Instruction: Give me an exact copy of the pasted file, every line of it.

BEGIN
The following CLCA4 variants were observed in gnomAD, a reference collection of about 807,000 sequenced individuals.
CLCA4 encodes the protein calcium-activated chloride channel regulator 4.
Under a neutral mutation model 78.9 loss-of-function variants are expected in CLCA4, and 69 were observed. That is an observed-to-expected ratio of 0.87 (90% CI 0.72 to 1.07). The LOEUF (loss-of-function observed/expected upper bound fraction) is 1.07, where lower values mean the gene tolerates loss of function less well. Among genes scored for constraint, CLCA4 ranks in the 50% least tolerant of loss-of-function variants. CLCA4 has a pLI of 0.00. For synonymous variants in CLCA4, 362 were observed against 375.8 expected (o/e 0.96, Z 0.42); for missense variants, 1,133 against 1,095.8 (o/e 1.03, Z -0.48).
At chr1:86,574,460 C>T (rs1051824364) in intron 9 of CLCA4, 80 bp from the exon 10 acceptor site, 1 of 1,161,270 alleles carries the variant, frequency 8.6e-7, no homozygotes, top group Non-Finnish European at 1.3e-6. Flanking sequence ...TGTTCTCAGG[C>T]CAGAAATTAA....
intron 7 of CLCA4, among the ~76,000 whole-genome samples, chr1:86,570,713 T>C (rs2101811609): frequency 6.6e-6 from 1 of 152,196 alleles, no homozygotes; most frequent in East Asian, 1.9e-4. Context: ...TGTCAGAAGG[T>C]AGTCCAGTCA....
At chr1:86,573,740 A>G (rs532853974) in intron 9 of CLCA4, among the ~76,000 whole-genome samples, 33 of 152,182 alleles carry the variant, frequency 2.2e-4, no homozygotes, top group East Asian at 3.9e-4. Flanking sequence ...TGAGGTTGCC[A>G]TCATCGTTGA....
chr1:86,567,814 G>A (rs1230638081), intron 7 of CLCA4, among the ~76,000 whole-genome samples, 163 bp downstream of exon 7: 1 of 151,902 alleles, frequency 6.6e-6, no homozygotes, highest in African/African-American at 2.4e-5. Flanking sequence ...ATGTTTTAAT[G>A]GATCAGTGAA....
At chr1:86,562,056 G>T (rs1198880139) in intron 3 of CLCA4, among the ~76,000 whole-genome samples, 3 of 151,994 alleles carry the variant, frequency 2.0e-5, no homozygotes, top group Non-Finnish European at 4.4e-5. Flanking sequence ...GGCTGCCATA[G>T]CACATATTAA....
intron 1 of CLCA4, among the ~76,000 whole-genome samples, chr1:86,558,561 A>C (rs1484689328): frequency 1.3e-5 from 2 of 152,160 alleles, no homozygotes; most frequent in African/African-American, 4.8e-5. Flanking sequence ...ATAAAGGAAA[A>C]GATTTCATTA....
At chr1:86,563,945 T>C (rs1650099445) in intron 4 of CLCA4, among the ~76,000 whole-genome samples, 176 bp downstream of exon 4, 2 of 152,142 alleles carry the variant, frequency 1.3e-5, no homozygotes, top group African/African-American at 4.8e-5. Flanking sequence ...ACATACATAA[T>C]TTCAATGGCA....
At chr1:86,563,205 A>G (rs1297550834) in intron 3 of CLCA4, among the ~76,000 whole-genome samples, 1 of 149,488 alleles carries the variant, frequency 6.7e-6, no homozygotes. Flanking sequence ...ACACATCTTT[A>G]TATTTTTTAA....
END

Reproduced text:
The following CLCA4 variants were observed in gnomAD, a reference collection of about 807,000 sequenced individuals.
CLCA4 encodes the protein calcium-activated chloride channel regulator 4.
Under a neutral mutation model 78.9 loss-of-function variants are expected in CLCA4, and 69 were observed. That is an observed-to-expected ratio of 0.87 (90% CI 0.72 to 1.07). The LOEUF (loss-of-function observed/expected upper bound fraction) is 1.07, where lower values mean the gene tolerates loss of function less well. Among genes scored for constraint, CLCA4 ranks in the 50% least tolerant of loss-of-function variants. CLCA4 has a pLI of 0.00. For synonymous variants in CLCA4, 362 were observed against 375.8 expected (o/e 0.96, Z 0.42); for missense variants, 1,133 against 1,095.8 (o/e 1.03, Z -0.48).
At chr1:86,574,460 C>T (rs1051824364) in intron 9 of CLCA4, 80 bp from the exon 10 acceptor site, 1 of 1,161,270 alleles carries the variant, frequency 8.6e-7, no homozygotes, top group Non-Finnish European at 1.3e-6. Flanking sequence ...TGTTCTCAGG[C>T]CAGAAATTAA....
intron 7 of CLCA4, among the ~76,000 whole-genome samples, chr1:86,570,713 T>C (rs2101811609): frequency 6.6e-6 from 1 of 152,196 alleles, no homozygotes; most frequent in East Asian, 1.9e-4. Context: ...TGTCAGAAGG[T>C]AGTCCAGTCA....
At chr1:86,573,740 A>G (rs532853974) in intron 9 of CLCA4, among the ~76,000 whole-genome samples, 33 of 152,182 alleles carry the variant, frequency 2.2e-4, no homozygotes, top group East Asian at 3.9e-4. Flanking sequence ...TGAGGTTGCC[A>G]TCATCGTTGA....
chr1:86,567,814 G>A (rs1230638081), intron 7 of CLCA4, among the ~76,000 whole-genome samples, 163 bp downstream of exon 7: 1 of 151,902 alleles, frequency 6.6e-6, no homozygotes, highest in African/African-American at 2.4e-5. Flanking sequence ...ATGTTTTAAT[G>A]GATCAGTGAA....
At chr1:86,562,056 G>T (rs1198880139) in intron 3 of CLCA4, among the ~76,000 whole-genome samples, 3 of 151,994 alleles carry the variant, frequency 2.0e-5, no homozygotes, top group Non-Finnish European at 4.4e-5. Flanking sequence ...GGCTGCCATA[G>T]CACATATTAA....
intron 1 of CLCA4, among the ~76,000 whole-genome samples, chr1:86,558,561 A>C (rs1484689328): frequency 1.3e-5 from 2 of 152,160 alleles, no homozygotes; most frequent in African/African-American, 4.8e-5. Flanking sequence ...ATAAAGGAAA[A>C]GATTTCATTA....
At chr1:86,563,945 T>C (rs1650099445) in intron 4 of CLCA4, among the ~76,000 whole-genome samples, 176 bp downstream of exon 4, 2 of 152,142 alleles carry the variant, frequency 1.3e-5, no homozygotes, top group African/African-American at 4.8e-5. Flanking sequence ...ACATACATAA[T>C]TTCAATGGCA....
At chr1:86,563,205 A>G (rs1297550834) in intron 3 of CLCA4, among the ~76,000 whole-genome samples, 1 of 149,488 alleles carries the variant, frequency 6.7e-6, no homozygotes. Flanking sequence ...ACACATCTTT[A>G]TATTTTTTAA....